PLEASE NOTE: This article has been archived. It first appeared on ProRec.com in March 2000, contributed by then Senior Editor Bruce Richardson. We will not be making any updates to the article. Please visit the home page for our latest content. Thank you!
Ultimately this is a review about a microphone: the new, shockingly low-priced Marshall MXL2001P. But the review process on this microphone demands a look at some larger issues as well.
Large-diaphragm condenser microphones are everywhere these days, and for good reason. Due to the different response of a larger and heavier transducer, these mics capture a different “photo,” if you will, of the air around them. Large-diaphragm condensers flatter the natural range of vocals in a mix.
As more musicians begin to blur the lines between performer and producer, a huge market has opened up for microphone manufacturers. New manufacturers have stepped in to provide a wider array of products to more consumers… with less experience.
Welcome to the microphone market of the twenty-first century. At no time in history have so many musicians recorded their own music, and at no time have their been so many bewildering choices for these musicians to make. Engineers used to make these choices. Nowadays, for better or worse, musicians are self-producing more often than not. There has never been a time where more musicians bought their own microphones…not just stage mics, but complete studio arrays. Don’t think this has gone unnoticed on the supply side.
Quick History Lesson
At one time, microphones were divided very cleanly into pro or consumer. The pro mics were made by mostly the same people who make them now. Neumann, AKG, Sennheiser, and Electro-Voice (for example) were always big-volume producers of top grade mics with personality and purpose. The research done by these companies is the foundation upon which our industry rests. They were joined by the various esoteric options at the ultra-high end, where companies like Schoeps have made technologically advanced and specifically targeted mics. RCA, a huge contender, sadly ended their microphone R & D and ultimately their product, but not before making one of the largest contributions in shaping the pop vocal sound of a generation. The ripples are obviously still with us from all this development. Professional studio microphones are a product with a rich artistic and scientific heritage, and the work of brilliant men.
The consumer microphone market was subdivided. The upper tier was made up of factory seconds and generic OEM designs from these dedicated manufacturers we all know and love. Witness the vintage Radio Shack highballs by Shure and their recently discontinued PZMs by Crown. These mics were designed by companies with a pedigree, and consumers got a design that may have been a little rough around the edges, but was rooted in the same technology that was producing the leading mics of the day.
The second-tier was pure for-profit product, usually plastic, and disposable in every way save lo-fi special effects.
Back to the Future
It seems that $300 is the magic price point for entry level LD condensers, and there are plenty from which to choose. The Rode NT1, Oktava MK219, Equitek CAD 100, and a whole slew of other options exist there.
Well, now those players are joined by the Marshall Electronics MXL2001P, at a startling LIST price of $199. We are witnessing a market flood of these mics like nothing I have ever seen. Just search Ebay for “MXL” and see what you come up with. Matter of fact, search almost any mic brand and you’ll see that these dealers have even locked onto THOSE searches by including phrases like “Neumann-like” or “not AKG” in their ads. There are more 2001Ps on the Internet than wide-open beavers.
Skanky, huh? You have not heard the half of it. Everyone’s looking for a bargain, right? Well, what exactly IS a bargain in a $199 microphone?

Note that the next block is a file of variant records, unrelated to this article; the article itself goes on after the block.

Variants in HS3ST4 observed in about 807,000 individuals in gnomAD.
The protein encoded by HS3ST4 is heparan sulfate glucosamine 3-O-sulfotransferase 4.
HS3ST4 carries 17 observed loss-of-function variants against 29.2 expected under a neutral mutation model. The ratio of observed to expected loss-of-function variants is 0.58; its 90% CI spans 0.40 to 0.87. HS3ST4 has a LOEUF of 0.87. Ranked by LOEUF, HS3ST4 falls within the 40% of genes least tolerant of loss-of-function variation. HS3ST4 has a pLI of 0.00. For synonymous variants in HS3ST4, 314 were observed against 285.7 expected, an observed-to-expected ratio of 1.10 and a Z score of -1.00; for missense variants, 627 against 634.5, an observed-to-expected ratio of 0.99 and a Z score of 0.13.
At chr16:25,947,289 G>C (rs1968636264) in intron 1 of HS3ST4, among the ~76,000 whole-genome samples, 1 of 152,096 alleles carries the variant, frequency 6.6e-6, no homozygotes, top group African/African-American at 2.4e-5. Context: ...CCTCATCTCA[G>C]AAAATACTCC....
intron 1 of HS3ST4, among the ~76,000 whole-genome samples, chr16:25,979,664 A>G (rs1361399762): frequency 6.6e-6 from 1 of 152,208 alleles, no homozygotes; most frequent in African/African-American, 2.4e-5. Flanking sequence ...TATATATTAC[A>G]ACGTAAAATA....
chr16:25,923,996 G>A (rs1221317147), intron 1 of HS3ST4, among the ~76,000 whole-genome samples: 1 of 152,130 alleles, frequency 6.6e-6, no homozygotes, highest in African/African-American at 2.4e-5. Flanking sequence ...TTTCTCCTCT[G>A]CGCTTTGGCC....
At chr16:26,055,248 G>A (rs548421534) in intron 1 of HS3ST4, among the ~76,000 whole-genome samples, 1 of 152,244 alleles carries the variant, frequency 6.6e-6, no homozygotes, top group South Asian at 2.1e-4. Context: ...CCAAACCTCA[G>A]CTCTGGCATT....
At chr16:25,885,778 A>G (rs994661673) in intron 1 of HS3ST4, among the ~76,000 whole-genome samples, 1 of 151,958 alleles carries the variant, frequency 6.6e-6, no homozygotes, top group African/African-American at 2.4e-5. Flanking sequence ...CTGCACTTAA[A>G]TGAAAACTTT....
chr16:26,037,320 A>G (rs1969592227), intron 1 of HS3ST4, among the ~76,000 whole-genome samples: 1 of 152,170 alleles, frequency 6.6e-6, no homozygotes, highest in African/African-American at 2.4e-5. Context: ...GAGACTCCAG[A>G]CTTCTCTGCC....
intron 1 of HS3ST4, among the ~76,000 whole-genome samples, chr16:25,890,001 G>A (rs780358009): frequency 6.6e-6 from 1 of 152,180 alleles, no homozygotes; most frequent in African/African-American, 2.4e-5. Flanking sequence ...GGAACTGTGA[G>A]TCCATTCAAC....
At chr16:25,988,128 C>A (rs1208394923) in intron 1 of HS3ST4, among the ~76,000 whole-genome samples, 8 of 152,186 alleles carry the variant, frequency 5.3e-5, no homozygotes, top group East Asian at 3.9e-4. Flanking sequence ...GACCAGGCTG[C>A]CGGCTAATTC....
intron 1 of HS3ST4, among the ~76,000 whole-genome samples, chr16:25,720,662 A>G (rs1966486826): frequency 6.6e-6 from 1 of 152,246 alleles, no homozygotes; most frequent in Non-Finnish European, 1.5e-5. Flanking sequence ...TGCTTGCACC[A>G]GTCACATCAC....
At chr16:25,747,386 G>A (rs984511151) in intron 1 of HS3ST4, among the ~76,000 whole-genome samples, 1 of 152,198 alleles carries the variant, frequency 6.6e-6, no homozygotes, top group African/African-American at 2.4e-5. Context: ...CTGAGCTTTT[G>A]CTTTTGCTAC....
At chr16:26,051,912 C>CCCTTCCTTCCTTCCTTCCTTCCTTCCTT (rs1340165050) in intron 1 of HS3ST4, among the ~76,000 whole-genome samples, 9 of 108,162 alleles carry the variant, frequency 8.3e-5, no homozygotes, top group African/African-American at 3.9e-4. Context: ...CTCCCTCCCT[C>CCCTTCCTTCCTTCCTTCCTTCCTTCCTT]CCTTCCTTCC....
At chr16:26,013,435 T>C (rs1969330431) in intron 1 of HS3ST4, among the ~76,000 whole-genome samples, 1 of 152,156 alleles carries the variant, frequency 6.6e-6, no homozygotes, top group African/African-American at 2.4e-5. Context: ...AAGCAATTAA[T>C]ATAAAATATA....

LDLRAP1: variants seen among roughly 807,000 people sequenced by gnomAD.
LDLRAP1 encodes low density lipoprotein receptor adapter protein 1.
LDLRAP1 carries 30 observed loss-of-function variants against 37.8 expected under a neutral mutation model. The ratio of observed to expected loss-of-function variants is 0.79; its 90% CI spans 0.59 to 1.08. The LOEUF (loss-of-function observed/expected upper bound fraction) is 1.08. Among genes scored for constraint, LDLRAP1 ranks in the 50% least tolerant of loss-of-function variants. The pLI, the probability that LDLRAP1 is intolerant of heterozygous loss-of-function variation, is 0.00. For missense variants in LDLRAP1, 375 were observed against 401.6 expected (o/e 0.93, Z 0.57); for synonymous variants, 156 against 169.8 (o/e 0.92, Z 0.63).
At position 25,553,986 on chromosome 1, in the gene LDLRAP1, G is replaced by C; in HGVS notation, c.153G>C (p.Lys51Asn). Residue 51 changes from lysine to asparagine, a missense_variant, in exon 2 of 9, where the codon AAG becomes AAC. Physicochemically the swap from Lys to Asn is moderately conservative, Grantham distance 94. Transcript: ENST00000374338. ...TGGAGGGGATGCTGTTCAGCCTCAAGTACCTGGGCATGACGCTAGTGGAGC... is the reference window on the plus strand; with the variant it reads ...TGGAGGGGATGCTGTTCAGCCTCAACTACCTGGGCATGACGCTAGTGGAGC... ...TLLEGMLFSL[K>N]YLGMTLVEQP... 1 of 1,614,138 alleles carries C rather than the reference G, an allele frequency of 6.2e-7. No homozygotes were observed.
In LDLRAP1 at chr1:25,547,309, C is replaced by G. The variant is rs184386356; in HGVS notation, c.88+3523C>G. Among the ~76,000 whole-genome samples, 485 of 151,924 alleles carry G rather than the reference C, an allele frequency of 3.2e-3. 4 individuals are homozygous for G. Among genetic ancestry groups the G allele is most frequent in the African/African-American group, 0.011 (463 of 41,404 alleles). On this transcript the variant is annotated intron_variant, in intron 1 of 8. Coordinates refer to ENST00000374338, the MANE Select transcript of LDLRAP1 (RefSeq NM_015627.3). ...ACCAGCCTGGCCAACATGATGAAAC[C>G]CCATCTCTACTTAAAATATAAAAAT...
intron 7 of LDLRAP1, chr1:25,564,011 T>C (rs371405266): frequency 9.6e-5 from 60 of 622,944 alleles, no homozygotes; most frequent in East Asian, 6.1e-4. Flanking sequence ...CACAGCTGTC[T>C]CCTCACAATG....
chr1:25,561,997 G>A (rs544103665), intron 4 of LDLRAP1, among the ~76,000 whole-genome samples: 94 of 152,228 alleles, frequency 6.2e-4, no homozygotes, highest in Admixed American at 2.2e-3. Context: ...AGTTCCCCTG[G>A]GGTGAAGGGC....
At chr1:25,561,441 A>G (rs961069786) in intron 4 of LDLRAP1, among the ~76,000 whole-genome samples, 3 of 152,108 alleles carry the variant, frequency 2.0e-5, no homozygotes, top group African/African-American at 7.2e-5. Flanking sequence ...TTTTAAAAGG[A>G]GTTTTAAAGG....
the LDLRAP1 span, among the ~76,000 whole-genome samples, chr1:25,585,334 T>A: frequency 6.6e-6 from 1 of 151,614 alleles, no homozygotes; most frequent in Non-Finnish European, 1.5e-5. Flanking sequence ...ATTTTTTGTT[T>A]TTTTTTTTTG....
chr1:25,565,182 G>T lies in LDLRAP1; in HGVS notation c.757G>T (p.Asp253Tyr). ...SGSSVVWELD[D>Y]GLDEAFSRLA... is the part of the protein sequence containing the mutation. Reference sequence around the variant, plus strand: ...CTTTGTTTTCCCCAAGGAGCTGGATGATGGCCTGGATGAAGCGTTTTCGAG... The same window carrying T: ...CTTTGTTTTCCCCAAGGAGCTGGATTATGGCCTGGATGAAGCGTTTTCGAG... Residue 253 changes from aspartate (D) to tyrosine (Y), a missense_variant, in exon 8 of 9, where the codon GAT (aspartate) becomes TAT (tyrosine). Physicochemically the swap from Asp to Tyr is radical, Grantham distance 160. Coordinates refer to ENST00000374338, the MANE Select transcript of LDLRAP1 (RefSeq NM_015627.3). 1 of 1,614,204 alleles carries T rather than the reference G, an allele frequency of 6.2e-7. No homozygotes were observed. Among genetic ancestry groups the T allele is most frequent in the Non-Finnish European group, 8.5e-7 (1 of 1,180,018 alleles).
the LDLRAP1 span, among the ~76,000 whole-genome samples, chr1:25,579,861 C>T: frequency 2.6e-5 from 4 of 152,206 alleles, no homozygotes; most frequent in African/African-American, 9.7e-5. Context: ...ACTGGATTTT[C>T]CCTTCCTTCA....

I say that it is NOT the MXL 2001P.
The Subject at Hand
This mic, which sports the typical Neumannesque appearance, has a nice feeling heft thanks to its machined brass body. There is an XLR connector in the usual butt-end location. The microphone is sometimes packaged with a nifty little aluminum “flight case” with compartments for the microphone, its shockmount, and some extra compartments for other odds and ends you might wish to pack along.
You’ve probably already determined that I do not like this microphone. I don’t.
When we first received the mic for review, I was so surprised by the sound quality that I assumed it was broken. The sound was completely “scooped-out” – with a huge, muddy bottom end, a harsh, ringing top end, and little in between. The mic actually had a bimodal frequency response. I couldn’t believe it was supposed to sound as harsh as it sounded. Marshall Electronics couldn’t believe it either, so they asked us to hold the review while they shipped us another mic.
The first mic was actually marked MXL2001, and shipped in a low-cost aluminum “lunchbox” flight case along with a shockmount. The second one was marked MXL2001P, and came in a cardboard box with a non-shockmount type clip, a vinyl zipper pouch, and a packet of silica gel. This helps explain the price drop from the original $299 list of the MXL2001 to the $199 list of the MXL2001P.
Well, guess what? It didn’t sound any better. I kept it patched up for literally three months, tracking it alongside whatever mic I’d actually choose for a given situation. It never won once, even though I gave it opportunity against almost every mic I could get my hands on. I used it one time as a special effect when I needed a really super-intense high end and I didn’t want to use EQ. I wasn’t going for a natural sound, and for this purpose it worked.
Now, in all fairness, you might not see it or hear it the way I do. But I listen to a lot of microphones, from the best Neumanns to the most modest dynamics, and I spent three months listening to not one, but two different MXL2001s. I’ll list the pros and cons as I see them, and let you draw your own conclusions. Maybe you’ll think I’m all washed up, but folks, I can only call ’em like I see ’em. Fasten your seat belts.
Beef #1: The Shockmount and Mic Clip
As with most microphones of this type, you’ll want to isolate the unit from its stand to diminish low frequency transfers from foot stomping, etc. Large diaphragm condensers love low frequencies. It’s one of their strengths.
The MXL2001 offered a shockmount as part of its $300 price, but with the cheaper MXL2001P configuration the shockmount is an option. This now-optional shockmount allows you to slip the mic in from the top, and then clamp down on it by moving a bent-wire lever. Imagine an oil filter wrench, and you get the picture. However, it has a major flaw: once you’ve closed the clamp, the long clamp-lever tends to fall on the outer circumference of the mount. In other words, you get to twiddle with it every time you’ve got to move the mic.